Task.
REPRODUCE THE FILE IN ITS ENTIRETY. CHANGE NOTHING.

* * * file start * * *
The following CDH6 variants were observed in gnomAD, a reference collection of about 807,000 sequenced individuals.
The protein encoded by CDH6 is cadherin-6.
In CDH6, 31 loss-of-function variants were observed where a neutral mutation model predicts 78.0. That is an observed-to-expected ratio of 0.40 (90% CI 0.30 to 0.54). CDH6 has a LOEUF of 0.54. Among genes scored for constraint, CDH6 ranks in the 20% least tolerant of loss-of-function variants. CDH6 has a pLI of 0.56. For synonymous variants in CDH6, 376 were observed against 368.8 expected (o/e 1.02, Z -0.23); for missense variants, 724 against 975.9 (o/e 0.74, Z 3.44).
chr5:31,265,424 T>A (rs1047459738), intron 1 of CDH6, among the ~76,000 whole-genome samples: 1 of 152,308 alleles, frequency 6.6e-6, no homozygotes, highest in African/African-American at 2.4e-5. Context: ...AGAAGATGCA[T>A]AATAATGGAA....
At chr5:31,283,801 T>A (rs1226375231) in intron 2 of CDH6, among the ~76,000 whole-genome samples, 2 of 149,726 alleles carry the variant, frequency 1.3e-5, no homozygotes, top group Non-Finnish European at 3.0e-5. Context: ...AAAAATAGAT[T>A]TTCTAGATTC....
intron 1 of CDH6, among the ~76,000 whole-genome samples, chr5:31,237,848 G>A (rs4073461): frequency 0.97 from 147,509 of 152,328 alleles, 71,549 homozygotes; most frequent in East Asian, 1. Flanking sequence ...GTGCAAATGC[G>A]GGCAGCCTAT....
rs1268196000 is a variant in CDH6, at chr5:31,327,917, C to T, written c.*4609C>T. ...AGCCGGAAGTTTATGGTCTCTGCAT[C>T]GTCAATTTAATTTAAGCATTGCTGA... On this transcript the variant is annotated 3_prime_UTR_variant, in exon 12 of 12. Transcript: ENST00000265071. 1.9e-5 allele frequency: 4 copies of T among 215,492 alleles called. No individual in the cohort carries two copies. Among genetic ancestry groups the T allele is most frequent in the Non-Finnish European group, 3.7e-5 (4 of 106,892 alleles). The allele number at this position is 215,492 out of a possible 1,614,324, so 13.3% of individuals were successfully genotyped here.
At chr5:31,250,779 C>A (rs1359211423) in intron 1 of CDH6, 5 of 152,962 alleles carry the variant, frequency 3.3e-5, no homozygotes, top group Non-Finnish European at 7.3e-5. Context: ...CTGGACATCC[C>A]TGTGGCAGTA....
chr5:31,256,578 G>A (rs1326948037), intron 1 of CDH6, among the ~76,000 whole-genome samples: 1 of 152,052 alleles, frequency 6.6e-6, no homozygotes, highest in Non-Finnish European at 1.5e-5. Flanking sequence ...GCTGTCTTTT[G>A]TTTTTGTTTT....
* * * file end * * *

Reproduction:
The following CDH6 variants were observed in gnomAD, a reference collection of about 807,000 sequenced individuals.
The protein encoded by CDH6 is cadherin-6.
In CDH6, 31 loss-of-function variants were observed where a neutral mutation model predicts 78.0. That is an observed-to-expected ratio of 0.40 (90% CI 0.30 to 0.54). CDH6 has a LOEUF of 0.54. Among genes scored for constraint, CDH6 ranks in the 20% least tolerant of loss-of-function variants. CDH6 has a pLI of 0.56. For synonymous variants in CDH6, 376 were observed against 368.8 expected (o/e 1.02, Z -0.23); for missense variants, 724 against 975.9 (o/e 0.74, Z 3.44).
chr5:31,265,424 T>A (rs1047459738), intron 1 of CDH6, among the ~76,000 whole-genome samples: 1 of 152,308 alleles, frequency 6.6e-6, no homozygotes, highest in African/African-American at 2.4e-5. Context: ...AGAAGATGCA[T>A]AATAATGGAA....
At chr5:31,283,801 T>A (rs1226375231) in intron 2 of CDH6, among the ~76,000 whole-genome samples, 2 of 149,726 alleles carry the variant, frequency 1.3e-5, no homozygotes, top group Non-Finnish European at 3.0e-5. Context: ...AAAAATAGAT[T>A]TTCTAGATTC....
intron 1 of CDH6, among the ~76,000 whole-genome samples, chr5:31,237,848 G>A (rs4073461): frequency 0.97 from 147,509 of 152,328 alleles, 71,549 homozygotes; most frequent in East Asian, 1. Flanking sequence ...GTGCAAATGC[G>A]GGCAGCCTAT....
rs1268196000 is a variant in CDH6, at chr5:31,327,917, C to T, written c.*4609C>T. ...AGCCGGAAGTTTATGGTCTCTGCAT[C>T]GTCAATTTAATTTAAGCATTGCTGA... On this transcript the variant is annotated 3_prime_UTR_variant, in exon 12 of 12. Transcript: ENST00000265071. 1.9e-5 allele frequency: 4 copies of T among 215,492 alleles called. No individual in the cohort carries two copies. Among genetic ancestry groups the T allele is most frequent in the Non-Finnish European group, 3.7e-5 (4 of 106,892 alleles). The allele number at this position is 215,492 out of a possible 1,614,324, so 13.3% of individuals were successfully genotyped here.
At chr5:31,250,779 C>A (rs1359211423) in intron 1 of CDH6, 5 of 152,962 alleles carry the variant, frequency 3.3e-5, no homozygotes, top group Non-Finnish European at 7.3e-5. Context: ...CTGGACATCC[C>A]TGTGGCAGTA....
chr5:31,256,578 G>A (rs1326948037), intron 1 of CDH6, among the ~76,000 whole-genome samples: 1 of 152,052 alleles, frequency 6.6e-6, no homozygotes, highest in Non-Finnish European at 1.5e-5. Flanking sequence ...GCTGTCTTTT[G>A]TTTTTGTTTT....